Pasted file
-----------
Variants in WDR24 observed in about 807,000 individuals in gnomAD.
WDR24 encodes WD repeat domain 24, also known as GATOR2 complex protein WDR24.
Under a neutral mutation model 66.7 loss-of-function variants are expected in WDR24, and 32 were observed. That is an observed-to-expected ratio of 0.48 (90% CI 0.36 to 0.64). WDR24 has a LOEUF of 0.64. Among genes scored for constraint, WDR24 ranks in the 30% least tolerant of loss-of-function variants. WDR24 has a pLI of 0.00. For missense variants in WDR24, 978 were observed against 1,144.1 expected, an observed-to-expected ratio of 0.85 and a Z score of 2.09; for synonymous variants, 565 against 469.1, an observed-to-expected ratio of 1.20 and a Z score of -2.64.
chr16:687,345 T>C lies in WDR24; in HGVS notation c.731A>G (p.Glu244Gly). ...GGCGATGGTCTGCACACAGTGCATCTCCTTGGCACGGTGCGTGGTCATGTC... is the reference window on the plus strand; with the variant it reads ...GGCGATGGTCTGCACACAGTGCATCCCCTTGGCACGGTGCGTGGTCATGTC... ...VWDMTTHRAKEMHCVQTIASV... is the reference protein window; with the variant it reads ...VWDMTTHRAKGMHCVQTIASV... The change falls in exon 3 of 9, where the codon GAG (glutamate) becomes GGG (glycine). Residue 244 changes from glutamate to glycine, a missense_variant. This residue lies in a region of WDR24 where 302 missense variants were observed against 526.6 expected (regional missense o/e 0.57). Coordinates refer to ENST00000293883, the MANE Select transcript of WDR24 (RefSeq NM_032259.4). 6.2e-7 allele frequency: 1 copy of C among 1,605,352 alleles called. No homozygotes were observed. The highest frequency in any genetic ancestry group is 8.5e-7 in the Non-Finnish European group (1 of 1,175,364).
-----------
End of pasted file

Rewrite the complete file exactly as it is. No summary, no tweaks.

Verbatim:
Variants in WDR24 observed in about 807,000 individuals in gnomAD.
WDR24 encodes WD repeat domain 24, also known as GATOR2 complex protein WDR24.
Under a neutral mutation model 66.7 loss-of-function variants are expected in WDR24, and 32 were observed. That is an observed-to-expected ratio of 0.48 (90% CI 0.36 to 0.64). WDR24 has a LOEUF of 0.64. Among genes scored for constraint, WDR24 ranks in the 30% least tolerant of loss-of-function variants. WDR24 has a pLI of 0.00. For missense variants in WDR24, 978 were observed against 1,144.1 expected, an observed-to-expected ratio of 0.85 and a Z score of 2.09; for synonymous variants, 565 against 469.1, an observed-to-expected ratio of 1.20 and a Z score of -2.64.
chr16:687,345 T>C lies in WDR24; in HGVS notation c.731A>G (p.Glu244Gly). ...GGCGATGGTCTGCACACAGTGCATCTCCTTGGCACGGTGCGTGGTCATGTC... is the reference window on the plus strand; with the variant it reads ...GGCGATGGTCTGCACACAGTGCATCCCCTTGGCACGGTGCGTGGTCATGTC... ...VWDMTTHRAKEMHCVQTIASV... is the reference protein window; with the variant it reads ...VWDMTTHRAKGMHCVQTIASV... The change falls in exon 3 of 9, where the codon GAG (glutamate) becomes GGG (glycine). Residue 244 changes from glutamate to glycine, a missense_variant. This residue lies in a region of WDR24 where 302 missense variants were observed against 526.6 expected (regional missense o/e 0.57). Coordinates refer to ENST00000293883, the MANE Select transcript of WDR24 (RefSeq NM_032259.4). 6.2e-7 allele frequency: 1 copy of C among 1,605,352 alleles called. No homozygotes were observed. The highest frequency in any genetic ancestry group is 8.5e-7 in the Non-Finnish European group (1 of 1,175,364).